In an advance toward development of a nasal spray that protects against infection with influenza and spread of the disease, scientists are reporting identification of a substance that activates the first-line defense system against infection inside the nose. They describe effects of a synthetic form of a natural substance found in bacterial cell walls in ACS’ journal Molecular Pharmaceutics.
David Jackson, from The University of Melbourne, and colleagues explain that the body’s so-called innate immune system forms a first-line defense system against respiratory diseases like influenza A — which causes up to 1 billion infections and 500,000 deaths during seasonal epidemics. Those defenses swing into action almost immediately when viruses enter the nose and begin launching an infection. Scientists have been looking for ways to jump-start those defenses during flu outbreaks, and Jackson’s team turned to Pam2Cys. That synthetic lipoprotein, a substance consisting of a fat and a protein, has shown promise in activating the innate immune system.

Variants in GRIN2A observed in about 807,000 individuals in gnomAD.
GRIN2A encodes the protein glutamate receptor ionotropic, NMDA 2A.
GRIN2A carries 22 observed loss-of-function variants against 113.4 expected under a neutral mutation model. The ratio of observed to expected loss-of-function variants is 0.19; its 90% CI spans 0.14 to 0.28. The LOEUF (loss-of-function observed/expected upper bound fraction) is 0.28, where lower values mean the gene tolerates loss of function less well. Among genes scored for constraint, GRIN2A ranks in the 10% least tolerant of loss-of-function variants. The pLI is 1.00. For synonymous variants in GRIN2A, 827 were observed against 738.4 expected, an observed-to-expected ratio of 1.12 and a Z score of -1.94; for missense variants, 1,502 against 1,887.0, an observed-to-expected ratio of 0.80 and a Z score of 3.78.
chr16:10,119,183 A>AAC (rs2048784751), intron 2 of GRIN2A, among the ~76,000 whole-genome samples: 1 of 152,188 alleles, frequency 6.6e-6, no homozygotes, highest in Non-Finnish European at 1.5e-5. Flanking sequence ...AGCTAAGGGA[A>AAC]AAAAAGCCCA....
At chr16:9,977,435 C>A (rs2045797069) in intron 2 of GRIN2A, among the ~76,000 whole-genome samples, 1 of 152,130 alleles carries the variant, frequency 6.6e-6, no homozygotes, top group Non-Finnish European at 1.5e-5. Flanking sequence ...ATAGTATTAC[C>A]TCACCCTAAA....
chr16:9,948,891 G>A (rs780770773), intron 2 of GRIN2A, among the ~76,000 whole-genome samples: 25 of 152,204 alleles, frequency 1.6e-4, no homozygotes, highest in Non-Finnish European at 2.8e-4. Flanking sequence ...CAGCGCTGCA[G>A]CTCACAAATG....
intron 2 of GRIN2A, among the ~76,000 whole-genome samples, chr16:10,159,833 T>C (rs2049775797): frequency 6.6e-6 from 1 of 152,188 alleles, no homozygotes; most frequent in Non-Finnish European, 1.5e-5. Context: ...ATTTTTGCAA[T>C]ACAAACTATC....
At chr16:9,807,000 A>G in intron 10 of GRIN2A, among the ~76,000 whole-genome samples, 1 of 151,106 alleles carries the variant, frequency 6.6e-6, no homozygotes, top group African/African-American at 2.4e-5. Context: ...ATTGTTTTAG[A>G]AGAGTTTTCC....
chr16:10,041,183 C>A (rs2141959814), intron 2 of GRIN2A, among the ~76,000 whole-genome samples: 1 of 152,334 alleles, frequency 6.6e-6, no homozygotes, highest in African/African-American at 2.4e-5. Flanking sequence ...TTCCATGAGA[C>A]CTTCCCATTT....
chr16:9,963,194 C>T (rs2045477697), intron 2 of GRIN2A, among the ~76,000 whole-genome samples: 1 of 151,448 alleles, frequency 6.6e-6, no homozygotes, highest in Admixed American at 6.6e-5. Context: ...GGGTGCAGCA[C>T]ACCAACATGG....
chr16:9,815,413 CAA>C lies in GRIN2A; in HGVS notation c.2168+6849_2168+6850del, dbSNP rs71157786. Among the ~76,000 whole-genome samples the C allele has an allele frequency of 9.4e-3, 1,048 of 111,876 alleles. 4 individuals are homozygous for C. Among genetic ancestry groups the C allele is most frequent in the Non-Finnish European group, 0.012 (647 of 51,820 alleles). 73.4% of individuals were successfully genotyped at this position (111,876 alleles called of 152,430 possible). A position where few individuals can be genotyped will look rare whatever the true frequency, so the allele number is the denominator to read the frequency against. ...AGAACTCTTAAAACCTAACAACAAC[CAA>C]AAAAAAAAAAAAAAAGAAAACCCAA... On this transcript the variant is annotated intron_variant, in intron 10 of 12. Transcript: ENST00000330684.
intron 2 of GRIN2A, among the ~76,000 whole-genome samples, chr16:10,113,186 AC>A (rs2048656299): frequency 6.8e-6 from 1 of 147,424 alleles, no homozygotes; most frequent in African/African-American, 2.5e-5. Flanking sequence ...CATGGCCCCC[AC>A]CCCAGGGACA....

The team found in laboratory tests that using Pam2Cys as a nasal spray primes the body’s immune system to fight infections. Importantly, they showed that the compound encourages but does not replace a normal immune response, which has been a concern about some anti-viral medicines. Because Pam2Cys stimulates the immune system against a wide spectrum of viral and bacterial attacks, the authors suggest it may be a particularly useful agent against pandemics and emerging viral strains.
The authors acknowledge funding from the National Health and Medical Research Council of Australia.